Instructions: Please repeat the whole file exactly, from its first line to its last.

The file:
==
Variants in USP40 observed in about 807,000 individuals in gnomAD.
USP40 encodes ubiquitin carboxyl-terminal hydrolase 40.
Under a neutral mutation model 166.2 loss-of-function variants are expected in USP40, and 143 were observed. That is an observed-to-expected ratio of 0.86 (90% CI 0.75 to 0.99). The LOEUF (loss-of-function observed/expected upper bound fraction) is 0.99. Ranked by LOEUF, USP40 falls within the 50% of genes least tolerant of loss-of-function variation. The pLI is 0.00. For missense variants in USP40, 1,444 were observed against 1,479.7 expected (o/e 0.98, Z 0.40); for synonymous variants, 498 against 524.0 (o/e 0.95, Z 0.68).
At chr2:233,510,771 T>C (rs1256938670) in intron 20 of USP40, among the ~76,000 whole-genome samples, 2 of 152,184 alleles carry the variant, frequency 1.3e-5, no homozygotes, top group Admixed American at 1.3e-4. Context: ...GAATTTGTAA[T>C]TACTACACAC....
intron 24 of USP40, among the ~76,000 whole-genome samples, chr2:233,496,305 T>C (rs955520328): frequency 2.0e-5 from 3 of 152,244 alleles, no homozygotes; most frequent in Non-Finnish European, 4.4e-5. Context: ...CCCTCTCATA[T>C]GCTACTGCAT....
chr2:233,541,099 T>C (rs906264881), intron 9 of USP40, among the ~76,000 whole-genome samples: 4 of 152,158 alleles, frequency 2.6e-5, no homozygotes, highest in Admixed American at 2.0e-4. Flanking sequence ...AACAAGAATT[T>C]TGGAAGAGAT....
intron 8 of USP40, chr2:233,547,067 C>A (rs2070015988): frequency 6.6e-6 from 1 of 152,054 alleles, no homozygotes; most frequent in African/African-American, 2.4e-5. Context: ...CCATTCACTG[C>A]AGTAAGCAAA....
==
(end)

Variants in USP40 observed in about 807,000 individuals in gnomAD.
USP40 encodes ubiquitin carboxyl-terminal hydrolase 40.
Under a neutral mutation model 166.2 loss-of-function variants are expected in USP40, and 143 were observed. That is an observed-to-expected ratio of 0.86 (90% CI 0.75 to 0.99). The LOEUF (loss-of-function observed/expected upper bound fraction) is 0.99. Ranked by LOEUF, USP40 falls within the 50% of genes least tolerant of loss-of-function variation. The pLI is 0.00. For missense variants in USP40, 1,444 were observed against 1,479.7 expected (o/e 0.98, Z 0.40); for synonymous variants, 498 against 524.0 (o/e 0.95, Z 0.68).
At chr2:233,510,771 T>C (rs1256938670) in intron 20 of USP40, among the ~76,000 whole-genome samples, 2 of 152,184 alleles carry the variant, frequency 1.3e-5, no homozygotes, top group Admixed American at 1.3e-4. Context: ...GAATTTGTAA[T>C]TACTACACAC....
intron 24 of USP40, among the ~76,000 whole-genome samples, chr2:233,496,305 T>C (rs955520328): frequency 2.0e-5 from 3 of 152,244 alleles, no homozygotes; most frequent in Non-Finnish European, 4.4e-5. Context: ...CCCTCTCATA[T>C]GCTACTGCAT....
chr2:233,541,099 T>C (rs906264881), intron 9 of USP40, among the ~76,000 whole-genome samples: 4 of 152,158 alleles, frequency 2.6e-5, no homozygotes, highest in Admixed American at 2.0e-4. Flanking sequence ...AACAAGAATT[T>C]TGGAAGAGAT....
intron 8 of USP40, chr2:233,547,067 C>A (rs2070015988): frequency 6.6e-6 from 1 of 152,054 alleles, no homozygotes; most frequent in African/African-American, 2.4e-5. Context: ...CCATTCACTG[C>A]AGTAAGCAAA....